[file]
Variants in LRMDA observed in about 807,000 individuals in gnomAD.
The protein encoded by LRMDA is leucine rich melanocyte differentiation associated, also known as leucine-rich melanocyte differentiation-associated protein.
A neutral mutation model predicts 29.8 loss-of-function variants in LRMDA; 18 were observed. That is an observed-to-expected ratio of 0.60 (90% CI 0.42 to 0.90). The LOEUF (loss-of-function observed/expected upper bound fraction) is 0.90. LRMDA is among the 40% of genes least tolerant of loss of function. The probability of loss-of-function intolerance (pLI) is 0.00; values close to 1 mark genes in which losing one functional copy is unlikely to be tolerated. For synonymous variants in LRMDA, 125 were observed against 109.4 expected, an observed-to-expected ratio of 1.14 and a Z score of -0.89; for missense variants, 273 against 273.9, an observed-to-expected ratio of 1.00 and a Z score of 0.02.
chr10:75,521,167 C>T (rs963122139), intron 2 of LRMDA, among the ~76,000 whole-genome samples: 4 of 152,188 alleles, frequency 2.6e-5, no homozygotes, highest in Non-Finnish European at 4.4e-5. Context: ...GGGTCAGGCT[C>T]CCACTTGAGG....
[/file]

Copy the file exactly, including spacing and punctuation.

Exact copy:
Variants in LRMDA observed in about 807,000 individuals in gnomAD.
The protein encoded by LRMDA is leucine rich melanocyte differentiation associated, also known as leucine-rich melanocyte differentiation-associated protein.
A neutral mutation model predicts 29.8 loss-of-function variants in LRMDA; 18 were observed. That is an observed-to-expected ratio of 0.60 (90% CI 0.42 to 0.90). The LOEUF (loss-of-function observed/expected upper bound fraction) is 0.90. LRMDA is among the 40% of genes least tolerant of loss of function. The probability of loss-of-function intolerance (pLI) is 0.00; values close to 1 mark genes in which losing one functional copy is unlikely to be tolerated. For synonymous variants in LRMDA, 125 were observed against 109.4 expected, an observed-to-expected ratio of 1.14 and a Z score of -0.89; for missense variants, 273 against 273.9, an observed-to-expected ratio of 1.00 and a Z score of 0.02.
chr10:75,521,167 C>T (rs963122139), intron 2 of LRMDA, among the ~76,000 whole-genome samples: 4 of 152,188 alleles, frequency 2.6e-5, no homozygotes, highest in Non-Finnish European at 4.4e-5. Context: ...GGGTCAGGCT[C>T]CCACTTGAGG....